Second-hand fashion is taking over. Young adults are putting fast fashion brands like Forever 21 out of business.
Last year, Forever 21 in Bel Air Mall closed. Currently, Forever 21 in the Eastern Shore Centre is closing and selling everything from clothing racks to lighting fixtures. So what’s happening to Forever 21’s brick and mortar stores?
In September 2019, Vox.com reported that Forever 21 had filed for bankruptcy. The company planned to close 178 stores nationwide and 350 stores total. Stores like Claire’s, PacSun, and Charlotte Russe have also dealt with financial struggles within the last few years.
The New York Times reported that Forever 21’s struggles have provoked questions around the appeal of fast fashion.. The fast fashion industry has faced backlash surrounding the environmental impact of quickly disposable clothes and concerns about worker safety.
Younger shoppers have increasingly turned to consigned goods and brands that claim sustainability as a value.
Junior Aryn Otero explained that she would rather find a one-of-a-kind item of clothing from a Goodwill type store than buying something from a brick-and-mortar store that anyone could have.
“With the surge of retro and vintage clothes making such a comeback, thrifted items have become more fashionable than graphic tees and ripped jeans. Clothes I got from thrift stores around the country have lasted years longer than anything I’ve gotten at H&M or Forever 21,” says Otero.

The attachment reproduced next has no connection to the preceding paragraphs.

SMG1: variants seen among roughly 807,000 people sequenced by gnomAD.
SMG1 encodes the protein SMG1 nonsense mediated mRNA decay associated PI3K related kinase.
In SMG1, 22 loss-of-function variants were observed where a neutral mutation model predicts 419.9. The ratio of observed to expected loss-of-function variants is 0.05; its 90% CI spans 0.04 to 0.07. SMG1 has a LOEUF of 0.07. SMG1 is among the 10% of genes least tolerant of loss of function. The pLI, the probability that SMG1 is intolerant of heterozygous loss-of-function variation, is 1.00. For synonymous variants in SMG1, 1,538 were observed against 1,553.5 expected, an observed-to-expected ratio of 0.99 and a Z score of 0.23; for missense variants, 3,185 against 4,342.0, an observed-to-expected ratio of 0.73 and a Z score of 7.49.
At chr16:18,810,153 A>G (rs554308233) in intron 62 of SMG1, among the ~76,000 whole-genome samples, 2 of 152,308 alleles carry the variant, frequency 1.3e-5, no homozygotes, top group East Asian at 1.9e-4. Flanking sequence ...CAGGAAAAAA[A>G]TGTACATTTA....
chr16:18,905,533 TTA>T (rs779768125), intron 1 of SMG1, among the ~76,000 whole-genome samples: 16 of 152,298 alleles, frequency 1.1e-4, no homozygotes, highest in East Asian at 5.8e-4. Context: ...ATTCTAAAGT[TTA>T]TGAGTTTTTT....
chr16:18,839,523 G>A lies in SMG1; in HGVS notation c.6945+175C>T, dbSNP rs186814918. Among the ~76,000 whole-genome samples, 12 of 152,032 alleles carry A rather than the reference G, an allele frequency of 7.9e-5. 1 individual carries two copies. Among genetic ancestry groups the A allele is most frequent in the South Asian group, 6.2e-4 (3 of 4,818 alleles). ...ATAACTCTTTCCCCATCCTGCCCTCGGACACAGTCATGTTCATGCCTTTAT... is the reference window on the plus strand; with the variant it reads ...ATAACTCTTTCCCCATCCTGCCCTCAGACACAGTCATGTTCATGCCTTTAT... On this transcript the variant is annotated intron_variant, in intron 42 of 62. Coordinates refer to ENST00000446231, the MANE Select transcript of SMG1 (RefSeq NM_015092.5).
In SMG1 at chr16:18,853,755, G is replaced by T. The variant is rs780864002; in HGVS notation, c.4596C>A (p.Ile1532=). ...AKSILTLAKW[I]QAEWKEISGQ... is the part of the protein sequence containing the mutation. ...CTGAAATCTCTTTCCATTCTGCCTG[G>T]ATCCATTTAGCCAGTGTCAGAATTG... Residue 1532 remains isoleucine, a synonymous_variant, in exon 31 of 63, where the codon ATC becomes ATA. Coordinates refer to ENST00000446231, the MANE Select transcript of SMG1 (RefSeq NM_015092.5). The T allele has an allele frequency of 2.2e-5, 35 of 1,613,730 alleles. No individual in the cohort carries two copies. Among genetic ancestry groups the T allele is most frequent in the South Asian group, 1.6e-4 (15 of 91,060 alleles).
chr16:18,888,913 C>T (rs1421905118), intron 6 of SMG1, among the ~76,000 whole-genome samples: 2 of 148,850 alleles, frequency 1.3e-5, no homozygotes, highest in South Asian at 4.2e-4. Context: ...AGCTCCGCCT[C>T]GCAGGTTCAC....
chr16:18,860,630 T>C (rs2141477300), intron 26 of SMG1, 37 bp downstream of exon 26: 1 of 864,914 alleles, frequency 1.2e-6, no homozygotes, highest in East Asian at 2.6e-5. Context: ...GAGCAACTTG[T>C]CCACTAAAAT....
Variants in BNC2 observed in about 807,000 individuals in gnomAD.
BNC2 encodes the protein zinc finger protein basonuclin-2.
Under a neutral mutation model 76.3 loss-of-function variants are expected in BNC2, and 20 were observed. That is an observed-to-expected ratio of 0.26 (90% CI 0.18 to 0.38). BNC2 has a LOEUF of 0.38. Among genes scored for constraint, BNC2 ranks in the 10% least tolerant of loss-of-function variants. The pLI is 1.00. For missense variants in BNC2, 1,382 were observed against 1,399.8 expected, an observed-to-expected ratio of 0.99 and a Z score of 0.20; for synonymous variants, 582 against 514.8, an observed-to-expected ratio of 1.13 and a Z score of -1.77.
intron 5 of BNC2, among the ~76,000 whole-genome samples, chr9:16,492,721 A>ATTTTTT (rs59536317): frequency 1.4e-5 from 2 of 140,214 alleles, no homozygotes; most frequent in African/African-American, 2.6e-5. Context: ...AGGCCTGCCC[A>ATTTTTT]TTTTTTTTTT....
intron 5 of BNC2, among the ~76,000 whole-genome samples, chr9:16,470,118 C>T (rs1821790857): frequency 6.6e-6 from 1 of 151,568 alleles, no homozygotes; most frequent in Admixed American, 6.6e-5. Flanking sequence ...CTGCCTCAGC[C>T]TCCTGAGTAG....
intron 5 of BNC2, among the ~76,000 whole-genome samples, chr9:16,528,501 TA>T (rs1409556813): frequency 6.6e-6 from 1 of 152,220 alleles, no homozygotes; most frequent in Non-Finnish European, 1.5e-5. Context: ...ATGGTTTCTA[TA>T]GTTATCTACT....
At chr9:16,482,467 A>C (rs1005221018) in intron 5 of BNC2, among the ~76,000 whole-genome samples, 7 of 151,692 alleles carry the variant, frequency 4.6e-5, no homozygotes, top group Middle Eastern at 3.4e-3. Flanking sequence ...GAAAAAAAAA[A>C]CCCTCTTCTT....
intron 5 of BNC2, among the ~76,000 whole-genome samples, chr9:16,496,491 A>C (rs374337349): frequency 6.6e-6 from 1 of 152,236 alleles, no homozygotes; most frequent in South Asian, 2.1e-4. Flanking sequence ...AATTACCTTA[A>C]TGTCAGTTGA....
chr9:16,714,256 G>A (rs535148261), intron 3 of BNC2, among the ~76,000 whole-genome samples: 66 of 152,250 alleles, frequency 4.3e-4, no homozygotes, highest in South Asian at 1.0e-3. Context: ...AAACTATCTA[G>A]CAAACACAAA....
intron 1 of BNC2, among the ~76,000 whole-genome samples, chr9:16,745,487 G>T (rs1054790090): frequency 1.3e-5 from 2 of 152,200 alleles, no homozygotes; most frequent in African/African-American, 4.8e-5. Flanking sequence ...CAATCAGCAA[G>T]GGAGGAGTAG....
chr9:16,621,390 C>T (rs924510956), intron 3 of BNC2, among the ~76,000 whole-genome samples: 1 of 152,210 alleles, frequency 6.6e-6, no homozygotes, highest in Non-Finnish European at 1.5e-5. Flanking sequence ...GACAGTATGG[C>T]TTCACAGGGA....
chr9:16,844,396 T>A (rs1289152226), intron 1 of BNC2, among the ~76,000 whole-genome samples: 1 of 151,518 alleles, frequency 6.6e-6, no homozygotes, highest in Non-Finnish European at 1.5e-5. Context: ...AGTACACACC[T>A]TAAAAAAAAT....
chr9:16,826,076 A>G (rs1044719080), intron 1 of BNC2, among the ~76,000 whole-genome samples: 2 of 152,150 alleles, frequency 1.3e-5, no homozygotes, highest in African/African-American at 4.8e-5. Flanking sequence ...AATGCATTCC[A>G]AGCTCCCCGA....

ThredUp, a U.S.-based second hand clothing retailer, reported that second-hand clothing has grown 21 times faster than that of fast fashion. ThredUp also reported that the second hand fashion market was worth $24 billion as of March 2019.
According to ThredUp, 64% of women are more willing to buy second hand items in 2019 which is a 19% increase from the 45% of women in 2016.
As a young woman who considers herself fashion-forward, I’ve always loved thrifting. Like Aryn Otero, I love being able to find something unique and one-of-a-kind. I agree that thrifted and second-hand items last longer.
Younger people today are more environmentally conscious now more than ever, so they want clothing that is built to last. According to PositiveNews.com, 59% of consumers expect retailers to create clothes ethically and sustainably.